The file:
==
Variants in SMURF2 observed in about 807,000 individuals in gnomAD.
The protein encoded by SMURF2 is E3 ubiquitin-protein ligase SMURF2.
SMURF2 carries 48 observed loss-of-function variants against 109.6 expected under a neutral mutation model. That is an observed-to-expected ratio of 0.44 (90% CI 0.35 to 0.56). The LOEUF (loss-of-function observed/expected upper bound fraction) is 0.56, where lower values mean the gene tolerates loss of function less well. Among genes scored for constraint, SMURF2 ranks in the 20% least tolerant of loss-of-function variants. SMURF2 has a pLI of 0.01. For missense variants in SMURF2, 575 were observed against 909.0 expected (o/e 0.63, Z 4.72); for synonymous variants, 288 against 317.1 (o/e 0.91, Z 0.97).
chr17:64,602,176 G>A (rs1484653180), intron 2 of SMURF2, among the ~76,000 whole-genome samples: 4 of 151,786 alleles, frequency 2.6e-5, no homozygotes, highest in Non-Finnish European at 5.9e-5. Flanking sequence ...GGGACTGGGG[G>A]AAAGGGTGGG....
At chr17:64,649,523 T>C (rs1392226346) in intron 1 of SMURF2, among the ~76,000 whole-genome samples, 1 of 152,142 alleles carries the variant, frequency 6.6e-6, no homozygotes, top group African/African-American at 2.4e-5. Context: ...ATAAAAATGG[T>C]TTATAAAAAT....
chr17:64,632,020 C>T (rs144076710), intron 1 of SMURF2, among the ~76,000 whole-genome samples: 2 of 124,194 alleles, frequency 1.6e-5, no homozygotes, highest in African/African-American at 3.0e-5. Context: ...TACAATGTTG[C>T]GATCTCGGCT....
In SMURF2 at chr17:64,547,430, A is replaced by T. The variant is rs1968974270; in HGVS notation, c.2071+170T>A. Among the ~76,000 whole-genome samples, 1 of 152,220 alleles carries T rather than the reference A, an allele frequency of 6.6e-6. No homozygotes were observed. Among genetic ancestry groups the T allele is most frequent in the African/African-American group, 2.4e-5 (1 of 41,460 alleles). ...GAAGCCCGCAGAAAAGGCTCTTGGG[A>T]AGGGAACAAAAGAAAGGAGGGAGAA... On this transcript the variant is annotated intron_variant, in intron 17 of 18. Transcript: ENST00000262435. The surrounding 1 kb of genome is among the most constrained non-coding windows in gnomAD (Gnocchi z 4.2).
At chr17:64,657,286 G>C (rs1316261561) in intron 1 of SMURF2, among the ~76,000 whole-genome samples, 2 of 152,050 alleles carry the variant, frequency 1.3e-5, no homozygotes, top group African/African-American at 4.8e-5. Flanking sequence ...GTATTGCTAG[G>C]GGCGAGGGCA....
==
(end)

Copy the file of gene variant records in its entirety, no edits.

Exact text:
Variants in SMURF2 observed in about 807,000 individuals in gnomAD.
The protein encoded by SMURF2 is E3 ubiquitin-protein ligase SMURF2.
SMURF2 carries 48 observed loss-of-function variants against 109.6 expected under a neutral mutation model. That is an observed-to-expected ratio of 0.44 (90% CI 0.35 to 0.56). The LOEUF (loss-of-function observed/expected upper bound fraction) is 0.56, where lower values mean the gene tolerates loss of function less well. Among genes scored for constraint, SMURF2 ranks in the 20% least tolerant of loss-of-function variants. SMURF2 has a pLI of 0.01. For missense variants in SMURF2, 575 were observed against 909.0 expected (o/e 0.63, Z 4.72); for synonymous variants, 288 against 317.1 (o/e 0.91, Z 0.97).
chr17:64,602,176 G>A (rs1484653180), intron 2 of SMURF2, among the ~76,000 whole-genome samples: 4 of 151,786 alleles, frequency 2.6e-5, no homozygotes, highest in Non-Finnish European at 5.9e-5. Flanking sequence ...GGGACTGGGG[G>A]AAAGGGTGGG....
At chr17:64,649,523 T>C (rs1392226346) in intron 1 of SMURF2, among the ~76,000 whole-genome samples, 1 of 152,142 alleles carries the variant, frequency 6.6e-6, no homozygotes, top group African/African-American at 2.4e-5. Context: ...ATAAAAATGG[T>C]TTATAAAAAT....
chr17:64,632,020 C>T (rs144076710), intron 1 of SMURF2, among the ~76,000 whole-genome samples: 2 of 124,194 alleles, frequency 1.6e-5, no homozygotes, highest in African/African-American at 3.0e-5. Context: ...TACAATGTTG[C>T]GATCTCGGCT....
In SMURF2 at chr17:64,547,430, A is replaced by T. The variant is rs1968974270; in HGVS notation, c.2071+170T>A. Among the ~76,000 whole-genome samples, 1 of 152,220 alleles carries T rather than the reference A, an allele frequency of 6.6e-6. No homozygotes were observed. Among genetic ancestry groups the T allele is most frequent in the African/African-American group, 2.4e-5 (1 of 41,460 alleles). ...GAAGCCCGCAGAAAAGGCTCTTGGG[A>T]AGGGAACAAAAGAAAGGAGGGAGAA... On this transcript the variant is annotated intron_variant, in intron 17 of 18. Transcript: ENST00000262435. The surrounding 1 kb of genome is among the most constrained non-coding windows in gnomAD (Gnocchi z 4.2).
At chr17:64,657,286 G>C (rs1316261561) in intron 1 of SMURF2, among the ~76,000 whole-genome samples, 2 of 152,050 alleles carry the variant, frequency 1.3e-5, no homozygotes, top group African/African-American at 4.8e-5. Flanking sequence ...GTATTGCTAG[G>C]GGCGAGGGCA....